By Marcy Montgomery Jones
I’m tall. Not the kind of tall that limits me to two-inch heels. Nope, the kind of tall that inspires people to ask, “Did you play basketball in college?” It’s led to a plethora of fitting-related frustrations over the years including: the inability to find shoes at department stores; the requirement to buy 36”-inseam pants online because they’re unavailable at brick & mortar retailers; and the realization that the “tall” clothes sold at most places aren’t suitable for anyone who’s 5’10” or taller. Can I get an “AMEN”?
On some level, it’s hard to blame the fashion industry. The average American woman is 5’4 ½” tall. No amount of designers’ traditional grading (the process of adding height and width to a clothing pattern to create multiple sizes) is going to incorporate at least an additional six inches of height. The broad goal of making average-sized garments for average-sized people makes sense; it’s just completely inconvenient for those of us who lie on the right end of the bell curve.
Of course, the fitting difficulties I encounter when looking for ready-to-wear are just as prevalent when I shop for intimate apparel. However, over the years, I’ve gained some insight into what can help tall women get the most from shapewear, and it’s time for me to share these tips with all of you who are 5’10” or taller, or have very long torsos. So, here are some “do’s” and “don’ts” that will guide you in your quest to make shapewear work well with your height.
First, don’t choose extra-firm control garments, or any that are made with two plies of fabric. Why? Because those pieces will provide so much control, you won’t be able to take advantage of the spandex in their fabric. The fibers will be working to such a degree that you won’t get any extra height out of the garment. What, then, to do? Choose garments with lighter amounts of control that have features benefiting “the vertically blessed.” For example, fabrics used should be supple and adjustable. If you need an extra two inches of height for a hi-waist brief, the fabric should stretch and provide it. Also, choose garments that have a finished silicone edge around the top. This allows the waist to stay in place, and remain invisible under your clothes, once it’s pulled up to cover those two extra inches. Think of it. Instead of shortening your torso and creating back fat, garments with these features will rise over your problem spots and create a lean-looking figure. Wearing this type of adjustable-waist silhouette is also an excellent way to prevent the muffin top that most shapewear briefs can create, especially on taller women.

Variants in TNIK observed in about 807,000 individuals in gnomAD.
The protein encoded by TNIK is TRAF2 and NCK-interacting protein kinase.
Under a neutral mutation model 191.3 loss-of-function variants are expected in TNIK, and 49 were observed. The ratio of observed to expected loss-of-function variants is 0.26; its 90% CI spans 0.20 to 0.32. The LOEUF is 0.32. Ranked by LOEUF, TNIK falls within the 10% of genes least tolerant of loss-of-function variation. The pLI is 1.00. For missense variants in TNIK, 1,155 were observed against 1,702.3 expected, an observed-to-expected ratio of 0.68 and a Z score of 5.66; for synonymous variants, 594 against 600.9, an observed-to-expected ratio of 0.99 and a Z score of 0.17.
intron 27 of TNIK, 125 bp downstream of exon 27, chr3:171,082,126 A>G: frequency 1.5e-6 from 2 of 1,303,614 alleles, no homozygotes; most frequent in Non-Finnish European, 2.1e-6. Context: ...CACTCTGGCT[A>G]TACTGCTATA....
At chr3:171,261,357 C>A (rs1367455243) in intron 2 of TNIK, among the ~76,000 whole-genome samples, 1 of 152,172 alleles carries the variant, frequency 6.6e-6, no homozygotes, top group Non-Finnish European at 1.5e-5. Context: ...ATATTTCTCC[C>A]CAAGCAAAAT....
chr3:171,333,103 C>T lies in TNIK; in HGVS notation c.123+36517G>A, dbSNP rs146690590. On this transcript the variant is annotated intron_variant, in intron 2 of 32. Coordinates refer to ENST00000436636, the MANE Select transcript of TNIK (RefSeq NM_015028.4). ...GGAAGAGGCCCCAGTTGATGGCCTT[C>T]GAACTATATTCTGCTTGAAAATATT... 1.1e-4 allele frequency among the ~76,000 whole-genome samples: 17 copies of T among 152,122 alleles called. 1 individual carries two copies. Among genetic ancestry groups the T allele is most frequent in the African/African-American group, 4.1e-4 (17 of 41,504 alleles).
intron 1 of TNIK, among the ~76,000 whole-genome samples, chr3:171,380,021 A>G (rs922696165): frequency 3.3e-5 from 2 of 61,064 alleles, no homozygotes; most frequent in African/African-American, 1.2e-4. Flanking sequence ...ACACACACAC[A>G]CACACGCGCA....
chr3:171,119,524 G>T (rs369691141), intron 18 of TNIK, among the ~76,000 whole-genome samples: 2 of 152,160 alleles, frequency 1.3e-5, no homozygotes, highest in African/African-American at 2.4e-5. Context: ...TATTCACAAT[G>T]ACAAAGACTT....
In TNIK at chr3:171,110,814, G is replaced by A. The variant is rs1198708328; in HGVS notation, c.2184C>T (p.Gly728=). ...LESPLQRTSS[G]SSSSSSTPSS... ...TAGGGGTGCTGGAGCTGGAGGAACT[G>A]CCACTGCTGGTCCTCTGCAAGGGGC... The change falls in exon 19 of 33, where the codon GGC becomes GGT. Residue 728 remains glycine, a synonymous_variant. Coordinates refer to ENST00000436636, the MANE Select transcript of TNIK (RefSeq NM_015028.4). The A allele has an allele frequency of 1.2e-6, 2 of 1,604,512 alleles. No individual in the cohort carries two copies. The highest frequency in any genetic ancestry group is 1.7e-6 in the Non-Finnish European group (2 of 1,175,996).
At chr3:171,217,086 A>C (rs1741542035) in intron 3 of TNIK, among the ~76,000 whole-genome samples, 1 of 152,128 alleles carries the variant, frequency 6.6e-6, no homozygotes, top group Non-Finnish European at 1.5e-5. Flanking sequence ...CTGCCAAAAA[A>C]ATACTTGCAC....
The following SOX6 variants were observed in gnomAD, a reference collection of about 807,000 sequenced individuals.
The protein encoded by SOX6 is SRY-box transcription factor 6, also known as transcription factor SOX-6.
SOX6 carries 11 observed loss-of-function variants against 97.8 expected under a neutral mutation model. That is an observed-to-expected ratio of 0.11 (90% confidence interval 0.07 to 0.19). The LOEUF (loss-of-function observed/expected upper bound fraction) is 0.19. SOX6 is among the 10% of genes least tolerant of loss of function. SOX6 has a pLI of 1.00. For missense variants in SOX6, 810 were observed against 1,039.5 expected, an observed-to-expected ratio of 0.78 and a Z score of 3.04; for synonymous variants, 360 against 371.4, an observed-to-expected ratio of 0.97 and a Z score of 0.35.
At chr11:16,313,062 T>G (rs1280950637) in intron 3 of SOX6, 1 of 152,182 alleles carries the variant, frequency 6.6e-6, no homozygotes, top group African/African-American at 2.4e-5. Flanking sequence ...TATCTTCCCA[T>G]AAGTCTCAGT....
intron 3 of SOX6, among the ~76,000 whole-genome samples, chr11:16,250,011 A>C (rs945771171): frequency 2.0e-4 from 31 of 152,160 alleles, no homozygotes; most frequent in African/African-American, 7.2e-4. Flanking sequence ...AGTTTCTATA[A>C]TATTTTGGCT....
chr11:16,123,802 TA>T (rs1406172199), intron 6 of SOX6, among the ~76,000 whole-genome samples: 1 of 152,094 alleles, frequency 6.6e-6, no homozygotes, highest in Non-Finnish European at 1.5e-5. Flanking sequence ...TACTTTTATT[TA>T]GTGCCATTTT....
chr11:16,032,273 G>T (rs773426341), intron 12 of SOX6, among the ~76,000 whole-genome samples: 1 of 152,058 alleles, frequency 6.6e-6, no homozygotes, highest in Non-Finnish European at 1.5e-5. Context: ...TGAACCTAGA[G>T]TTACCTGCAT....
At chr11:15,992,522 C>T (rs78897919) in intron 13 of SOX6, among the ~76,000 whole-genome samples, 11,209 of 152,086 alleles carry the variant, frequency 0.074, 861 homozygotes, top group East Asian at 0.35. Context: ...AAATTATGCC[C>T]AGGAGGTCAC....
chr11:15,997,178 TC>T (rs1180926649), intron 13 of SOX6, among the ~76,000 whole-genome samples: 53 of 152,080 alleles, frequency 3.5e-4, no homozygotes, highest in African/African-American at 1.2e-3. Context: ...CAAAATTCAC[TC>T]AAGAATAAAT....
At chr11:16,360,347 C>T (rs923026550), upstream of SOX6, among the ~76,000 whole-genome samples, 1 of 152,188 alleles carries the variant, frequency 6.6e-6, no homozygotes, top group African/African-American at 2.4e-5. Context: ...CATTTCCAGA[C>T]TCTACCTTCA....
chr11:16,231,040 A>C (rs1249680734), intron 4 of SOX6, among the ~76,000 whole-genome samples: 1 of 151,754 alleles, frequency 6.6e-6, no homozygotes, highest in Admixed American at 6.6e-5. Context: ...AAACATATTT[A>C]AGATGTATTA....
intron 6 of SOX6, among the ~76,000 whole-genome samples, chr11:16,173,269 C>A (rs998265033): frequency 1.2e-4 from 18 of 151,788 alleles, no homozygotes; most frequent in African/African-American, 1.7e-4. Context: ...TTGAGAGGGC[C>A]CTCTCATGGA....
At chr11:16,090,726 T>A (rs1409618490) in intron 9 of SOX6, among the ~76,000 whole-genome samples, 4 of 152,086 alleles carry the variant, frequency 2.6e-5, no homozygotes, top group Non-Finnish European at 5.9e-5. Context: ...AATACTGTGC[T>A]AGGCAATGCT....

Second, don’t choose a bodybriefer. True, this silhouette does have an adjustable hook-and-eye that accommodates most heights, but when worn by a really tall woman, it tends to look like a swimsuit from the set of Baywatch. The front of the garment doesn’t provide enough coverage, which can make it uncomfortable and cause fitting problems. Instead, do buy separates, like waistline long legs, waistline briefs, and camis, that will help you achieve your shaping objectives, but do so in comfortable and effective ways. Separates will give you more shapewear solutions that will fit your figure properly.
Third, do choose daywear or light-control camis. This is my biggest tall-girl “do.” Often, average-sized tops stop short at a tall woman’s waist, or continually pop out when they’re tucked in. It’s no coincidence that many of us almost never tuck in our shirts. And, curse the inventor of the ultra low-rise jean. These issues can combine to produce unintended flashes of skin. High stretch, lighter-control camis, with finished silicone edges that keep their bottoms in place, are the keys to keeping you in control and avoiding coin-slot peek-a-boos.
A secret, unspoken society exists among all very tall women. When we meet, we size each other up and enjoy being in the presence of others of our own height. Of course, the first question we inevitably ask each other is: “So, where do you get your pants?” I hope my tips and tricks find you, my fellow tall people. Forward this to your tall girlfriends; we have to lookout for each other.CC Image courtesy of Joe Shlabotnik on Flickrhttp://www.flickr.com/photos/joeshlabotnik/ / CC BY 2.0 CC Image courtesy of misocrazy on Flickrhttp://www.flickr.com/photos/misocrazy/ / CC BY 2.0